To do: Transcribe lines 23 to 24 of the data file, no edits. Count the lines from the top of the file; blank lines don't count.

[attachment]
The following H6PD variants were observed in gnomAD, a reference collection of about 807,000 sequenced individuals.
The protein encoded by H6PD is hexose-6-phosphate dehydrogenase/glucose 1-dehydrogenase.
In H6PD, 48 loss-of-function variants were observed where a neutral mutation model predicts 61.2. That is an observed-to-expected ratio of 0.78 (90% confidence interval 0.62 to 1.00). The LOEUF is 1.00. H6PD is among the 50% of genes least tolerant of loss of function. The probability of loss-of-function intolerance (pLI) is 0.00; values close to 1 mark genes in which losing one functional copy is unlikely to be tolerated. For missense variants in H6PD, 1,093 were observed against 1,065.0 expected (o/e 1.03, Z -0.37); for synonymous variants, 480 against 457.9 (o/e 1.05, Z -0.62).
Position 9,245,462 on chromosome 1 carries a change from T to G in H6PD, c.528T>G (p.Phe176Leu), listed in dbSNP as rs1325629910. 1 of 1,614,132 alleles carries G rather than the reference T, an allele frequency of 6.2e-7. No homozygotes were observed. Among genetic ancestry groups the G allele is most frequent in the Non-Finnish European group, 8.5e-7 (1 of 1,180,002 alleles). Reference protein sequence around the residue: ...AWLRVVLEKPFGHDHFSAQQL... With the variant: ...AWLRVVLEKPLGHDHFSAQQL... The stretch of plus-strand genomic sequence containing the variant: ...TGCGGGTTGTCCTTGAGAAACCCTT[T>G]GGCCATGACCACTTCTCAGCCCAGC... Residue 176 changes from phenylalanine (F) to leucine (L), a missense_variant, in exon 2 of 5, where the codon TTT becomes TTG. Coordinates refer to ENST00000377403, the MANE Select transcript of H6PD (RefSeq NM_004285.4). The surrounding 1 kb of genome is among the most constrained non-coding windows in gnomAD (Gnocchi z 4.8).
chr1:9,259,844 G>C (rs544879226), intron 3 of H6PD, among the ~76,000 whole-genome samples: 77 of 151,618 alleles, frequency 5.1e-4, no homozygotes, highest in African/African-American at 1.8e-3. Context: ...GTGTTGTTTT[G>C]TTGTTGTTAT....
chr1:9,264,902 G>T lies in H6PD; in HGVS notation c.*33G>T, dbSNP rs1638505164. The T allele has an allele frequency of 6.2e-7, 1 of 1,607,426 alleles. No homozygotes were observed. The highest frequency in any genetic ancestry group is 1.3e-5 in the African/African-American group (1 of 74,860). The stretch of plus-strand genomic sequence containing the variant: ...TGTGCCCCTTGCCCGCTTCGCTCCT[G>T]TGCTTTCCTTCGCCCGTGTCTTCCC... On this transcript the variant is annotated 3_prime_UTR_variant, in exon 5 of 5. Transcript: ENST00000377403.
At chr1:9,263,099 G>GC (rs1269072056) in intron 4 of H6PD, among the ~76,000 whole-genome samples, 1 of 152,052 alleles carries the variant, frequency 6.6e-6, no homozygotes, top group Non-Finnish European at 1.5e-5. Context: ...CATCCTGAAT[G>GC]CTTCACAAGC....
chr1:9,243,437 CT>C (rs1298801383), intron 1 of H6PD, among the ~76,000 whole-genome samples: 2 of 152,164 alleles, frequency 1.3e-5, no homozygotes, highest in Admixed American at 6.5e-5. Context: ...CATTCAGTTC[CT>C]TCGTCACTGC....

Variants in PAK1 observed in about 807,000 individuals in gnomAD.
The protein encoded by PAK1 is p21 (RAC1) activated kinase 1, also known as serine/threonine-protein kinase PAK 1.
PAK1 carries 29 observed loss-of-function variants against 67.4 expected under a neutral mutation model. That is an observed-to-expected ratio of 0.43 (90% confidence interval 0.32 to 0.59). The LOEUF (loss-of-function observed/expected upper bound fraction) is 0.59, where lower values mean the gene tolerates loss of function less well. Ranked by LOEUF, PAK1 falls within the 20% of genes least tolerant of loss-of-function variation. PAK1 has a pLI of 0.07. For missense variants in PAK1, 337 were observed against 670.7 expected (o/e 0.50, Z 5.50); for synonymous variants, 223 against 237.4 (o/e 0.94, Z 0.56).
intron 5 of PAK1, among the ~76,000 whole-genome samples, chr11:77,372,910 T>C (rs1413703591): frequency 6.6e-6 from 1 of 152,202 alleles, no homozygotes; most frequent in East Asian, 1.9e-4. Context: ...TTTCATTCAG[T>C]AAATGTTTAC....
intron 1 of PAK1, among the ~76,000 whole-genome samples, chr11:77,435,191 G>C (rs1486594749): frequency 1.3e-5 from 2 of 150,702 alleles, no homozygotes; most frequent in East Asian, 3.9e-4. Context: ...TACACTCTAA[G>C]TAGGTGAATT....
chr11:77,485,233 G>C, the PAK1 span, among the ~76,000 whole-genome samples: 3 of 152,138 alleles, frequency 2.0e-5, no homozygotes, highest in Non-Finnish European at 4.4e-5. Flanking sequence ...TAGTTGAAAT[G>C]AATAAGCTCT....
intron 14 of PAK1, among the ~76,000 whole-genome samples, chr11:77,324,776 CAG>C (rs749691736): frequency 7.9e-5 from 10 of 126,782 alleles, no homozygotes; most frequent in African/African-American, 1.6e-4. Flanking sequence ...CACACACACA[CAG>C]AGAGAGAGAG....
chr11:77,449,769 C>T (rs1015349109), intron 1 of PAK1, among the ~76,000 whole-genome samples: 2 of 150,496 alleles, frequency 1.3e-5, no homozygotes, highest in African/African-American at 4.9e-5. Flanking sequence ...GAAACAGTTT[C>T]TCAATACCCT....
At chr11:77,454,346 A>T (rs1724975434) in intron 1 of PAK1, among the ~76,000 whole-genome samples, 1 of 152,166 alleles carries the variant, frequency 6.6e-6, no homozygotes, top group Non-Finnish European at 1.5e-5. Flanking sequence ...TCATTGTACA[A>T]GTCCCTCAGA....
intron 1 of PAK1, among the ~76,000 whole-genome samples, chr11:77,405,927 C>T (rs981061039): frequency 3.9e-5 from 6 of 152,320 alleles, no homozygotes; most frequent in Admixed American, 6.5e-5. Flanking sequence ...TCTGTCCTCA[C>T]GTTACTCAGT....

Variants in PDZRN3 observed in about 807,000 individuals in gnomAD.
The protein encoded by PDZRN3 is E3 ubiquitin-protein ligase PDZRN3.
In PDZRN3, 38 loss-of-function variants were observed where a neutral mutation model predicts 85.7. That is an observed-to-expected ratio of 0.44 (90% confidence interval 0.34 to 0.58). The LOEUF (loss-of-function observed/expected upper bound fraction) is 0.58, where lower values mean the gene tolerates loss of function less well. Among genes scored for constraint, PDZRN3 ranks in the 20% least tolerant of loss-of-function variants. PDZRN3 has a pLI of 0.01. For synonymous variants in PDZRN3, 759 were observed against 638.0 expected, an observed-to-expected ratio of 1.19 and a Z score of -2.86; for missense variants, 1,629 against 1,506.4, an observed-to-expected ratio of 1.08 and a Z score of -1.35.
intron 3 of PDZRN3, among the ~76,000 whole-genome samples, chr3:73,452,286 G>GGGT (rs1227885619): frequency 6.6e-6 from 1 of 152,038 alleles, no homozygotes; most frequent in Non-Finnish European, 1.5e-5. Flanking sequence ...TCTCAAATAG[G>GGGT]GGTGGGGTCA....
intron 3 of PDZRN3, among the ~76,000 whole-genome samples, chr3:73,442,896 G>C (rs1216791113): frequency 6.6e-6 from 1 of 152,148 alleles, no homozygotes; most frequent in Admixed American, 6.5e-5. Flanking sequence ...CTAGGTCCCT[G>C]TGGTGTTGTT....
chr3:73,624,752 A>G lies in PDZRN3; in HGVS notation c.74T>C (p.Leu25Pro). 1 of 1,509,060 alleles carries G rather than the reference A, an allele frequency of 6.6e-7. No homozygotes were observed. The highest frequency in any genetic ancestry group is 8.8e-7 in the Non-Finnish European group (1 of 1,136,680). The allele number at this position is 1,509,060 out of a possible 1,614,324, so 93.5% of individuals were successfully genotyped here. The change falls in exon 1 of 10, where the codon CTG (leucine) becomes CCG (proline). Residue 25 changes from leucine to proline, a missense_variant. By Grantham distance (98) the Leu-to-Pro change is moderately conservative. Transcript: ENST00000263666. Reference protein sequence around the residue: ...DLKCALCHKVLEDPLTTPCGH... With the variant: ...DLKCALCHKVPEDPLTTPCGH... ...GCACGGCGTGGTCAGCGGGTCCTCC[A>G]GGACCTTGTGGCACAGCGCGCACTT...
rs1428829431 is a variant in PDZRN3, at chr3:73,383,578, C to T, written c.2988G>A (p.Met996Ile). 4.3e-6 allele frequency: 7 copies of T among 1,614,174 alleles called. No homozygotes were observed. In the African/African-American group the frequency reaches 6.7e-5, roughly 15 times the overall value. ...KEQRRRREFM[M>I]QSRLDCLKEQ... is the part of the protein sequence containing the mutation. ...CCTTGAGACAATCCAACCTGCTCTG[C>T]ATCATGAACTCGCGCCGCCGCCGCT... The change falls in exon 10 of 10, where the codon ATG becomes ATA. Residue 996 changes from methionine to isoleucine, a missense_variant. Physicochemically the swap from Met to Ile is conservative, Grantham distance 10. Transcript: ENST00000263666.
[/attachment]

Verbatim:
intron 3 of PDZRN3, among the ~76,000 whole-genome samples, chr3:73,442,896 G>C (rs1216791113): frequency 6.6e-6 from 1 of 152,148 alleles, no homozygotes; most frequent in Admixed American, 6.5e-5. Flanking sequence ...CTAGGTCCCT[G>C]TGGTGTTGTT....
chr3:73,624,752 A>G lies in PDZRN3; in HGVS notation c.74T>C (p.Leu25Pro). 1 of 1,509,060 alleles carries G rather than the reference A, an allele frequency of 6.6e-7. No homozygotes were observed. The highest frequency in any genetic ancestry group is 8.8e-7 in the Non-Finnish European group (1 of 1,136,680). The allele number at this position is 1,509,060 out of a possible 1,614,324, so 93.5% of individuals were successfully genotyped here. The change falls in exon 1 of 10, where the codon CTG (leucine) becomes CCG (proline). Residue 25 changes from leucine to proline, a missense_variant. By Grantham distance (98) the Leu-to-Pro change is moderately conservative. Transcript: ENST00000263666. Reference protein sequence around the residue: ...DLKCALCHKVLEDPLTTPCGH... With the variant: ...DLKCALCHKVPEDPLTTPCGH... ...GCACGGCGTGGTCAGCGGGTCCTCC[A>G]GGACCTTGTGGCACAGCGCGCACTT...